But the Ranger is as fit for purpose as it’s ever been. It’s good on the road and more impressive off it, and is now better equipped and nicer inside than ever.

While it might excel among its pick-up peers, certain elements make the Ranger feel very much like a pick-up still, not the car Ford wants you to think it is.

Ford Ranger 2.2 TDCi Double Cab Limited

Price: £26,400; 0-62mph: TBC; Top speed: TBC; Engine: 4 cyls, 2198cc, turbodiesel; Power: 148bhp at 3700rpm; Torque: 277lb ft at 1500rpm; Economy: TBC; CO2: TBC; Gearbox: 6spd manual

Mark Tisshaw

Title: Editor

Mark is a journalist with more than a decade of top-level experience in the automotive industry. He first joined Autocar in 2009, having previously worked in local newspapers. He has held several roles at Autocar, including news editor, deputy editor, digital editor and his current position of editor, one he has held since 2017.

From this position he oversees all of Autocar’s content across the print magazine, website, social media, video, and podcast channels, as well as our recent launch, Autocar Business. Mark regularly interviews the very top global executives in the automotive industry, telling their stories and holding them to account, meeting them at shows and events around the world.

Mark is a Car of the Year juror, a prestigious annual award that Autocar is one of the main sponsors of. He has made media appearances on the likes of the BBC, and contributed to titles including What Car?Move Electric and Pistonheads, and has written a column for The Sun.

Join the debate

Add a comment…
RCT V 27 October 2012

Land Rover DC100 “Ranger”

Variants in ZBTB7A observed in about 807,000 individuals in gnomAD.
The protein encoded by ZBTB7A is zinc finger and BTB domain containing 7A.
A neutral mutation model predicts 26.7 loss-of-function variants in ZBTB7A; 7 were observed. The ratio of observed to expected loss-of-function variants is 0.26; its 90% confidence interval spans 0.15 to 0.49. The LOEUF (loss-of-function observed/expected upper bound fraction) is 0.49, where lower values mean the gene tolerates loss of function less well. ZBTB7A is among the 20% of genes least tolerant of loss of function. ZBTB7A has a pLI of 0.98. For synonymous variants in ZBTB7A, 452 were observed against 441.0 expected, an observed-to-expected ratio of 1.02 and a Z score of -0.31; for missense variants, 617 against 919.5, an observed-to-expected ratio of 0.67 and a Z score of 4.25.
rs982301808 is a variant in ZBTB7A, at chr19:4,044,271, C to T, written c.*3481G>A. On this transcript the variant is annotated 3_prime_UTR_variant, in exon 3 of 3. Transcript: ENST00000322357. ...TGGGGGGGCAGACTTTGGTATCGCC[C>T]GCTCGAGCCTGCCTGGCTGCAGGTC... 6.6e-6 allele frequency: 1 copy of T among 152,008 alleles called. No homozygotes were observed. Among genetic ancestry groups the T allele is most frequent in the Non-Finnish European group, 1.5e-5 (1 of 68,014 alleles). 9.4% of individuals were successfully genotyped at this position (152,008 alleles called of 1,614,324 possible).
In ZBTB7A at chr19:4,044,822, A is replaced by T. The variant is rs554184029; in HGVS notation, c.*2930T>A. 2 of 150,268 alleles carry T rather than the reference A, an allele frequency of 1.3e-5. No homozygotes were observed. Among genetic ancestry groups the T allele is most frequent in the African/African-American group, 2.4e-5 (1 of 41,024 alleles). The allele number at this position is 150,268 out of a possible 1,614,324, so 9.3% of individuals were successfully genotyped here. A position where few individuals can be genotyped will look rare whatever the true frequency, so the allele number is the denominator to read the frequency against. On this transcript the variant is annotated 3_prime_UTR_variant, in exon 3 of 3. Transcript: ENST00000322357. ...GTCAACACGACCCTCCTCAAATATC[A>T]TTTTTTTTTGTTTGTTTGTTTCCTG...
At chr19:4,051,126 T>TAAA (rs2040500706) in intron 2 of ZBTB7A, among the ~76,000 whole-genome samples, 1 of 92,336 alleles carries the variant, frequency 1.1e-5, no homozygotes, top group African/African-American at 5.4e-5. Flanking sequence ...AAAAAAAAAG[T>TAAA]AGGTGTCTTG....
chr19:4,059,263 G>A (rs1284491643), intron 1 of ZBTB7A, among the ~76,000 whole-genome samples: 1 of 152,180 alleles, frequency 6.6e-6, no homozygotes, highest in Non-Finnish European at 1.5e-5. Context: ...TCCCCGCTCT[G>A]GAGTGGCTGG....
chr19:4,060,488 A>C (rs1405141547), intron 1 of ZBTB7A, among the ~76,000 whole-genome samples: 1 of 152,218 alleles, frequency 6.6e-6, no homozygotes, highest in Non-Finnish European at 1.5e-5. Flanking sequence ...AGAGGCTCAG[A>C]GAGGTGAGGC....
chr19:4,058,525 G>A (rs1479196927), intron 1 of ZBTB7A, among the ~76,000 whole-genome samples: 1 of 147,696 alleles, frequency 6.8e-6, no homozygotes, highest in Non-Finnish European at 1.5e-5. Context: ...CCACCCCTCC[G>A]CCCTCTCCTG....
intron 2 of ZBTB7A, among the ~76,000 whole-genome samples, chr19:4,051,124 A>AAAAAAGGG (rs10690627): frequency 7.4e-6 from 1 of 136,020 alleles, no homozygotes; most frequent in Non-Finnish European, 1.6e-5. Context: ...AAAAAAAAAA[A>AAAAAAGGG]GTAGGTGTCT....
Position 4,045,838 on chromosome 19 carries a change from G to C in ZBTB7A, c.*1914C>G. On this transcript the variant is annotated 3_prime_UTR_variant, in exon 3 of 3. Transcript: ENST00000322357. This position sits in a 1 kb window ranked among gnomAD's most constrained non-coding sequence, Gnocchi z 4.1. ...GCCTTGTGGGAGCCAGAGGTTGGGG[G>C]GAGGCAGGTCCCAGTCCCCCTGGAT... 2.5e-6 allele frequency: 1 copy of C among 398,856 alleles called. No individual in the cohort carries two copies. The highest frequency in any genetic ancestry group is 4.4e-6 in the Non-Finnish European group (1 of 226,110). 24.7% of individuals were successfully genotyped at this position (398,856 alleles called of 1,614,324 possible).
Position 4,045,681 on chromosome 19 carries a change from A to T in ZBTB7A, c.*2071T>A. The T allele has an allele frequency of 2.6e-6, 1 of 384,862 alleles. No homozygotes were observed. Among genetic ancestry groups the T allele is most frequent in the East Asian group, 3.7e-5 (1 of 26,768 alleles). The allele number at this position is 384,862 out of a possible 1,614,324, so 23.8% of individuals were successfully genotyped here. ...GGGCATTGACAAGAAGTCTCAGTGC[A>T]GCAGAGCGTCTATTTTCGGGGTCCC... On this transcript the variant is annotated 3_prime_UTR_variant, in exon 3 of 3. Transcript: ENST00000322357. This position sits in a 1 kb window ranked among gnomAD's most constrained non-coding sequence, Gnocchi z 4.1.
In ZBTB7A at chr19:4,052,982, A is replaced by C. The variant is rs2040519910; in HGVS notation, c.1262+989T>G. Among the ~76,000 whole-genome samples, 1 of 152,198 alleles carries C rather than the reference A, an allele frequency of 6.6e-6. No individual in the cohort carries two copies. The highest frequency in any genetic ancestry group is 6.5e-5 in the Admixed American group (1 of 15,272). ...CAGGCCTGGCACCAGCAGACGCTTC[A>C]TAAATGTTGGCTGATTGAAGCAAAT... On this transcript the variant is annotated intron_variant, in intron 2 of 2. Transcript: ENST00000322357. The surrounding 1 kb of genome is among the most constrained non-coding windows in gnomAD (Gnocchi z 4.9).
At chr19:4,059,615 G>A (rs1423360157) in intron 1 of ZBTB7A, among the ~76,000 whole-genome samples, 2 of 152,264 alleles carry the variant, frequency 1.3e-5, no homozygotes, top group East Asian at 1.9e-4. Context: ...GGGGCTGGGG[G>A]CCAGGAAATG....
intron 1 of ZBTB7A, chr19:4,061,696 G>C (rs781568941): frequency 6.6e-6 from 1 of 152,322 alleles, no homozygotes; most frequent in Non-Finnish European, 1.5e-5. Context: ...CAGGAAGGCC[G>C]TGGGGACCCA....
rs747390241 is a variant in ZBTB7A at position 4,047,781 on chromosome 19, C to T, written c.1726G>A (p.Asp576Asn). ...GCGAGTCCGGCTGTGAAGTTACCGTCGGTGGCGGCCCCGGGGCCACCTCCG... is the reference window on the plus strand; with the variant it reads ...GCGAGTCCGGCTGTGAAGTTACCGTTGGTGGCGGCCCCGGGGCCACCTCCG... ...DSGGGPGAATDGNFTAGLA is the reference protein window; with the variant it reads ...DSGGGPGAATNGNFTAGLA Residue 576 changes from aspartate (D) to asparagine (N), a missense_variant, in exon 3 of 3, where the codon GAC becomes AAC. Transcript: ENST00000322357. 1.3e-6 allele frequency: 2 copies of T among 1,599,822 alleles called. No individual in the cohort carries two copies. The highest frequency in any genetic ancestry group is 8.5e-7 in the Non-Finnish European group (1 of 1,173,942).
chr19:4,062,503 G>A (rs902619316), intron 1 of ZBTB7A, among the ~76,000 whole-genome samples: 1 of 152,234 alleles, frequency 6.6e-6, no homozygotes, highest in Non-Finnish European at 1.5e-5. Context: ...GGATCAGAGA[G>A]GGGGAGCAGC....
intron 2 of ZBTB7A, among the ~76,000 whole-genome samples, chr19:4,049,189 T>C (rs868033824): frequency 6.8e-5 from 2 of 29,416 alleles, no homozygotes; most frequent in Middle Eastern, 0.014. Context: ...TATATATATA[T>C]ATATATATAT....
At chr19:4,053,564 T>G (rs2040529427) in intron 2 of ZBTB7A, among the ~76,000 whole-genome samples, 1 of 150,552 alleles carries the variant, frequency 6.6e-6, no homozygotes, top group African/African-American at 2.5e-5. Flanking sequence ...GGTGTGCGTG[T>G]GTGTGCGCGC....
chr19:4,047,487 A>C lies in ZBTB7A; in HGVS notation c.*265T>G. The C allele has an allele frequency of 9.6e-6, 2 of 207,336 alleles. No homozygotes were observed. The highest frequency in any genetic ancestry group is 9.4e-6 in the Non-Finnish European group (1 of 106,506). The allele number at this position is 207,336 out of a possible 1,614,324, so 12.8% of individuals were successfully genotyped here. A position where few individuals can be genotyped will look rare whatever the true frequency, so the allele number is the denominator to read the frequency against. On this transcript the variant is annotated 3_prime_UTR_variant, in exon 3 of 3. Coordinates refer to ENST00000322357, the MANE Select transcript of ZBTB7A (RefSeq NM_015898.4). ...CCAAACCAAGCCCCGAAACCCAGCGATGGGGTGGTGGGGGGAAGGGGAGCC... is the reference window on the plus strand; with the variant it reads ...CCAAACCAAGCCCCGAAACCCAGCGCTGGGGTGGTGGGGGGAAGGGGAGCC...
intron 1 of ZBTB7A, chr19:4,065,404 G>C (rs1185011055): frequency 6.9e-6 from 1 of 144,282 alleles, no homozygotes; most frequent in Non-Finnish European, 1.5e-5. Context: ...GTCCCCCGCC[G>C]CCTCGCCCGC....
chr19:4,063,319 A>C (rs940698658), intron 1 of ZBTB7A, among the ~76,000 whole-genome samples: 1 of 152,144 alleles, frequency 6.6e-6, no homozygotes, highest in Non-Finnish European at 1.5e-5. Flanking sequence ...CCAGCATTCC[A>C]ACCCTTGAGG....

It would have been interesting - appropriate - if this review could have been looked upon as an appreciation of the prototype, of the oft-mentioned Land-Rover “utility series” of vehicles.

Maybe AUTOCAR's talented artist should have shown us what the Ranger would look like incorporating the “face” ( grill-lights-bumper ) of the DC100 . . . .

K1NZ 25 May 2012

This is an impresive Pick up,

This is an impresive Pick up, (called a ute in my part of the world) these are going out the door like pancakes here in NZ, this is a closest thing to a car that has a solid rear axle. Also i can see why the 2.2 is more avalible in the UK, emissions perhaps? its only avalible by special order here, we dont have to worry about emission charges so we only have the 3.2, just an idea?

Citytiger 22 May 2012

Confused by the engine range,

Confused by the engine range, the Ford/PSA 2.0 TDCI is good for 140 - 163 bhp and the 2.2 TDCI is good for 200bhp, so why have they detuned the 2.2 so much and then thrown in a 3.2 with 197, it makes no sense.

The logical solution would be 2.0 in low or high tune and 2.2 in normal tune, and forget the 3.2 that probably will not sell very well in Europe anyway.

donjon 23 May 2012

This is a development of the

This is a development of the old "Puma" diesel engines, which is Ford only and nothing to do with PSA.  It's also used in Transit and LR Defender.  I'm pretty sure the last car it was used in was...the X-Type.

Hope this helps!

RCT V 27 October 2012

donjon wrote: This is a

donjon wrote:

This is a development of the old "Puma" diesel engines, which is Ford only and nothing to do with PSA.  It's also used in Transit and LR Defender.  I'm pretty sure the last car it was used in was...the X-Type.

Hope this helps!

Ah, clarification ! Smile

Thank you !